The Vilification of Pit Bulls

It will probably come as a surprise to most people, but pit bulls were once widely considered the perfect household pet. In the early 1900’s, pit bulls were viewed as the All-American dog. They were featured on WWI propaganda posters, advertisements, and were even portrayed as a sidekick in the popular children’s television show, The Little Rascals. Pit bulls were owned by prominent American figures such as Theodore Roosevelt, George Patton, Thomas Edison, and Helen Keller. The breed was beloved by Americans and in a way became a symbol of the country.

Through the years the way people perceive pit bulls has drastically changed. The once beloved household companion has now been antagonized and made out to be some kind of monster.

So what exactly has happened? Over the past 100 years have pit bulls drastically changed? Has the All-American dog transformed into some vicious beast over night? How has the once beloved pit bull become so feared and vilified?

The truth is that pit bulls haven’t changed at all over the past 100 years. Pit bulls, just like any other breed, still have the ability to be a family friendly and loving dog. The difference between the pit bull of the early 1900’s and today’s pit bull is that the way the public views them has drastically changed.

The vilification of pit bulls didn’t really start until the 1980’s when the media began to label the breed as violent killers. The most famous of these articles was a 1987 Sports Illustrated article.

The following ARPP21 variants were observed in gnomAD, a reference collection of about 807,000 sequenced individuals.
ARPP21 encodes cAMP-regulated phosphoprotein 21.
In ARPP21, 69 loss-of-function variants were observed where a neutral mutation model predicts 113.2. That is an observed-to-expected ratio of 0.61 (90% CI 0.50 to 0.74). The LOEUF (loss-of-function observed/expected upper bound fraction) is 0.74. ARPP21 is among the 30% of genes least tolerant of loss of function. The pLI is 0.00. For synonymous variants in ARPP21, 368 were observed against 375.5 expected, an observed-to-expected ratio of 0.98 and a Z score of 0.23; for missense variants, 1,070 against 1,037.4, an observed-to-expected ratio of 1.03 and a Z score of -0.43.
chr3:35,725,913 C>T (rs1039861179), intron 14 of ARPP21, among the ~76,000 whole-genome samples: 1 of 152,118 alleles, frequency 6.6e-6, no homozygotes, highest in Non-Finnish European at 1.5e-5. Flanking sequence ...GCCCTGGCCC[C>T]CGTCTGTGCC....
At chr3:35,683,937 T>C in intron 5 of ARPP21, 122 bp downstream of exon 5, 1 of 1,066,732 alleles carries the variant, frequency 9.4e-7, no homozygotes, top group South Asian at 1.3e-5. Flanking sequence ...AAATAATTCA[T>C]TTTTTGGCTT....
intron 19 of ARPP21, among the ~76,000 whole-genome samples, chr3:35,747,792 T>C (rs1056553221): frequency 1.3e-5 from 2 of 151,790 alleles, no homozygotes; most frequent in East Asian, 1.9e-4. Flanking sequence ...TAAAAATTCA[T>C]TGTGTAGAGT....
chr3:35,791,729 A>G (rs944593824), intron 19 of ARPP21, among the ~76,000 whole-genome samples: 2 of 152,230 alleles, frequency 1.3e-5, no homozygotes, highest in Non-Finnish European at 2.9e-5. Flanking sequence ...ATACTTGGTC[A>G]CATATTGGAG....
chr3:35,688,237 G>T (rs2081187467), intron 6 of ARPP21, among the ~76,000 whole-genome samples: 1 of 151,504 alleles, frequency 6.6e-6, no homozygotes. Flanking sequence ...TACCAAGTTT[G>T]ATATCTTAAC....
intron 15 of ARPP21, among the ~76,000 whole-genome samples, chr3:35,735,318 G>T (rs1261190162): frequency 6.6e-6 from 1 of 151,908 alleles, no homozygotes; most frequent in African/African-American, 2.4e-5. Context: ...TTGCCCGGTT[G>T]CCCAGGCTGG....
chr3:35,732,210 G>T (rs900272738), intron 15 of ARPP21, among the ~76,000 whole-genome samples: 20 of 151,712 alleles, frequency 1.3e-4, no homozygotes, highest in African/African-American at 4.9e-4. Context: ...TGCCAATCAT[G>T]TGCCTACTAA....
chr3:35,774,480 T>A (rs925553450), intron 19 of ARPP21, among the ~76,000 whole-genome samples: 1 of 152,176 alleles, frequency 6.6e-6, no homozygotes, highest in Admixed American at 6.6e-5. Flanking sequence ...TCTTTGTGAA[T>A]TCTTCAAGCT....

The issue with all these articles were that the main focus of the stories were the “killer dogs”, rather than the sick owners who fought and tortured these dogs. Through these articles, the once All-American dogs were turned into these mythical blood-thirsty beasts. All these articles did was drum up an irrational fear towards pit bulls and help put these dogs in the hands of bad owners. Due to the pit bulls reputation it instantly became the perfect breed for dog fighters, gang members, drug dealers, and people who want to look tough.

Pit bulls didn’t freely and subconsciously choose to be involved in dog fighting and crime. A group of pit bulls didn’t just get together and assemble a dog fighting ring in somebodies backyard. In the wrong hands, any dog can be dangerous. The problem isn’t dangerous breeds or dangerous dogs, the issue is dangerous owners. In fact, research done by Karen Delise of the National Canine Research Council suggests that an overwhelming amount of dog bites occur do to poor ownership or care.

“My study of dog bite-related fatalities occurring over the past five decades has identified the poor ownership/management practices involved in the overwhelming majority of these incidents: owners obtaining dogs, and maintaining them as resident dogs outside of regular, positive human interaction, often for negative functions (i.e. guarding/protection, fighting, intimidation/status); owners failing to humanely contain, control and maintain their dogs (chained dogs, loose roaming dogs, cases of abuse/neglect); owners failing to knowledgably supervise interaction between children and dogs; and owners failing spay or neuter dogs” -Karen Delise (National Canine Research Council)

It’s unfortunate, but the pit bull breed is very attractive to bad owners. However the good news is that there are also a lot of great pit bull owners and great pit bulls that live normal and peaceful lives with their families. It’s time to deal with bad owners rather than pointing the finger at an entire breed of dogs.

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